Kerry said the funding would go to Syria's main political opposition group to help it unify and distribute humanitarian supplies and services to areas liberated from President Bashar Assad's rule, The Wall Street Journal reported.
"No nation, no people, should live in fear of their so-called leaders," tweeted Kerry, later posting, "Bashar al-Assad is out of time, must be out of power."
The United States has provided humanitarian supplies, communications equipment and training to Syria's opposition. However, Thursday is the first time Washington said it would work directly with Syria's rebel fighters through the Supreme Military Command attached to the Syrian Opposition Coalition.
U.S. officials said they would closely vet rebel factions of the Supreme Military Command to ensure the United States doesn't end up supplying radical Islamist groups or militias tied to al-Qaida.
No deadline has been announced for when the aid would reach Syria's fighters.
Offices attacked in Egyptian protests
MANSOURA, Egypt, Feb. 28 (UPI) -- A government office in Egypt was attacked after the state prosecutor decided to delay the release of protesters from earlier clashes with police, officials say.
The fighting in Mansoura, in the Nile Delta, followed calls on Sunday for a campaign of civil disobedience to protest President Mohamed Morsi and the Muslim Brotherhood, al-Ahram reported Wednesday.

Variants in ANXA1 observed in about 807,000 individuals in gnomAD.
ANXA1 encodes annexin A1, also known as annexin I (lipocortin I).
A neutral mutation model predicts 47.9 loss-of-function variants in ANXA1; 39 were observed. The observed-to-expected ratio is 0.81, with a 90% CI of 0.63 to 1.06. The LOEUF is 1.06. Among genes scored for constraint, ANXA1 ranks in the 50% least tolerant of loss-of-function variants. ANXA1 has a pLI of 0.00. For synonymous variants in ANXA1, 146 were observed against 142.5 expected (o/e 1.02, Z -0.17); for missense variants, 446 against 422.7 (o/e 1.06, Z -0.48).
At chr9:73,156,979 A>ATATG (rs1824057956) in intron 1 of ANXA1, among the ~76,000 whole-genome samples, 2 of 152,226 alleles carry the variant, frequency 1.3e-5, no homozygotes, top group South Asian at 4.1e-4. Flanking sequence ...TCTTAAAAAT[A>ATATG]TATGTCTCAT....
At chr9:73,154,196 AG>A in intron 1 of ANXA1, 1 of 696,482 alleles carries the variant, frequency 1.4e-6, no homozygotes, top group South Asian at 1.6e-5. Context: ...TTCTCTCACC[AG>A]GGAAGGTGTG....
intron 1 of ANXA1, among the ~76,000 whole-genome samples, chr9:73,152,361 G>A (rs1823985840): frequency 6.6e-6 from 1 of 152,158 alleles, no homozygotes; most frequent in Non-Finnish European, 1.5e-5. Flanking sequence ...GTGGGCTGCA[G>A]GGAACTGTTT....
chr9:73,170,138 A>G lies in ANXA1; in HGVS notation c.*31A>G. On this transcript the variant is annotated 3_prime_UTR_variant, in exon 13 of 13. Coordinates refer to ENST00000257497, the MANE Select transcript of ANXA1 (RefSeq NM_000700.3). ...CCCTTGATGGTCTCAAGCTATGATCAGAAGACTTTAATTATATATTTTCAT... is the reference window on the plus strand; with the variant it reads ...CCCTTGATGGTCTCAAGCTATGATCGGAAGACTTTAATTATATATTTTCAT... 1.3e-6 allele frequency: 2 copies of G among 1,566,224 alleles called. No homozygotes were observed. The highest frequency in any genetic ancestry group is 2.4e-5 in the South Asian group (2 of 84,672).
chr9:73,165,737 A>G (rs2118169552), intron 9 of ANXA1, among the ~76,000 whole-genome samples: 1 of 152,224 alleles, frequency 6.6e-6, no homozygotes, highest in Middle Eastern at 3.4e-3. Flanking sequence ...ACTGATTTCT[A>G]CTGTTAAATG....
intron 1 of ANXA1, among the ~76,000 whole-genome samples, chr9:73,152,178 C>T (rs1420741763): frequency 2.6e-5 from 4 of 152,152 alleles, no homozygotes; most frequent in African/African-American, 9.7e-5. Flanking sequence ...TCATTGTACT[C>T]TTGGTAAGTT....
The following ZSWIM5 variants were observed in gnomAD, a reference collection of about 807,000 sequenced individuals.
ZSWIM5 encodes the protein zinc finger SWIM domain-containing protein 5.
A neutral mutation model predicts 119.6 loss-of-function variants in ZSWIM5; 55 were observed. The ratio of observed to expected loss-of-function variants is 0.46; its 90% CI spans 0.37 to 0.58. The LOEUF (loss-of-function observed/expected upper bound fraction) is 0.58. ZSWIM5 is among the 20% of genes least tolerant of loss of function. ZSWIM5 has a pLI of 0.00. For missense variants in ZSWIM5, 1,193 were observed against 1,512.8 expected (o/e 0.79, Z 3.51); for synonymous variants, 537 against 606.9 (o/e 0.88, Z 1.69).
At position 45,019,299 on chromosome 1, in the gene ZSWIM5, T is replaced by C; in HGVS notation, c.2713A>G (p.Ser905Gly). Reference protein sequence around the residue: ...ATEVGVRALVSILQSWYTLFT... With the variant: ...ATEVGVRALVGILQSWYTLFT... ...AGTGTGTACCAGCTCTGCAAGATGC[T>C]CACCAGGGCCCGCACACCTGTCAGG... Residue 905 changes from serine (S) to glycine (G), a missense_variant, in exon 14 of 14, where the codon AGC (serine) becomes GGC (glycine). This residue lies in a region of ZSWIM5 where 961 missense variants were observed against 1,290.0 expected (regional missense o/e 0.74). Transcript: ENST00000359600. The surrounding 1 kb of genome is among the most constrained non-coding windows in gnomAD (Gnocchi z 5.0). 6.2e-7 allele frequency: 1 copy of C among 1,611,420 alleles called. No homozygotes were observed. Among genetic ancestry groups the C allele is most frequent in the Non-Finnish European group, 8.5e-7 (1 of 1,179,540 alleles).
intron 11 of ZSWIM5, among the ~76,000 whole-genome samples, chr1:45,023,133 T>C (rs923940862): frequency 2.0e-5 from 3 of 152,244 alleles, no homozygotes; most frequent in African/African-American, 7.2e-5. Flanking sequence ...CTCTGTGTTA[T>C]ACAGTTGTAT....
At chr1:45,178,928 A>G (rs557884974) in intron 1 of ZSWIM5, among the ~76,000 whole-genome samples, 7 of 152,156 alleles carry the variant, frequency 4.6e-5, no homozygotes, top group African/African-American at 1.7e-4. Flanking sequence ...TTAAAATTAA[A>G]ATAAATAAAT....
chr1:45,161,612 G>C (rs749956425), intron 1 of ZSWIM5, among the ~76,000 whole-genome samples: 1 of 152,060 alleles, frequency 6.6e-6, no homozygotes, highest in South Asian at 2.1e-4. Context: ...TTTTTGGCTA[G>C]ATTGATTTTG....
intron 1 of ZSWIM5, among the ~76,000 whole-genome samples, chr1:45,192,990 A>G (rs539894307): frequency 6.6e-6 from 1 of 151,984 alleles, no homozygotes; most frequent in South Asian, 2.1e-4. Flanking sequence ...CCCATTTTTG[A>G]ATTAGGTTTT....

The headquarters of the Daqahliya governorate was attacked and part of the building set on fire Wednesday evening during a protest over the state prosecutor's decision to hold for four days those arrested in earlier clashes with the police.
Confrontations Tuesday between anti-Muslim Brotherhood demonstrators and police left dozens injured and arrested.
The attack Wednesday night destroyed the air conditioning unit, furniture and documents in a second-story office, al-Masry al-Youm said.
Demonstrators in Mansoura also blocked streets and set tires on fire.
Chicago kindergartners may learn sex ed
CHICAGO, Feb. 28 (UPI) -- Chicago Public Schools is considering a proposal that would begin teaching sex education in kindergarten, the district said.
The district's proposal follows "national sexuality education standards" and also would address sexual orientation and bullying for the first time, FoxNews.com reported Thursday.
Under the proposal, students in kindergarten through third grade would learn about appropriate and inappropriate touching and feelings, the district said. In the fourth grade, students would learn about puberty and HIV, the virus that causes AIDS.
From fifth grade and beyond, instruction would include discussions on reproduction, contraception, and the transmission and prevention of HIV/AIDS, the district said.
"It is important that we provide students of all ages with accurate and appropriate information so they can make healthy choices in regards to their social interactions, behaviors, and relationships," Chicago Public Schools Chief Executive Officer Barbara Byrd-Bennett said in a statement.
"I just don't think it's appropriate," Melissa Diebold, a parent, told MyFoxChicago.com. "I don't think its age appropriate. They have no concept of anything like that at that stage in life."
Parents can elect not to have their children participate, the district said.
If approved, the program would be implemented by 2016.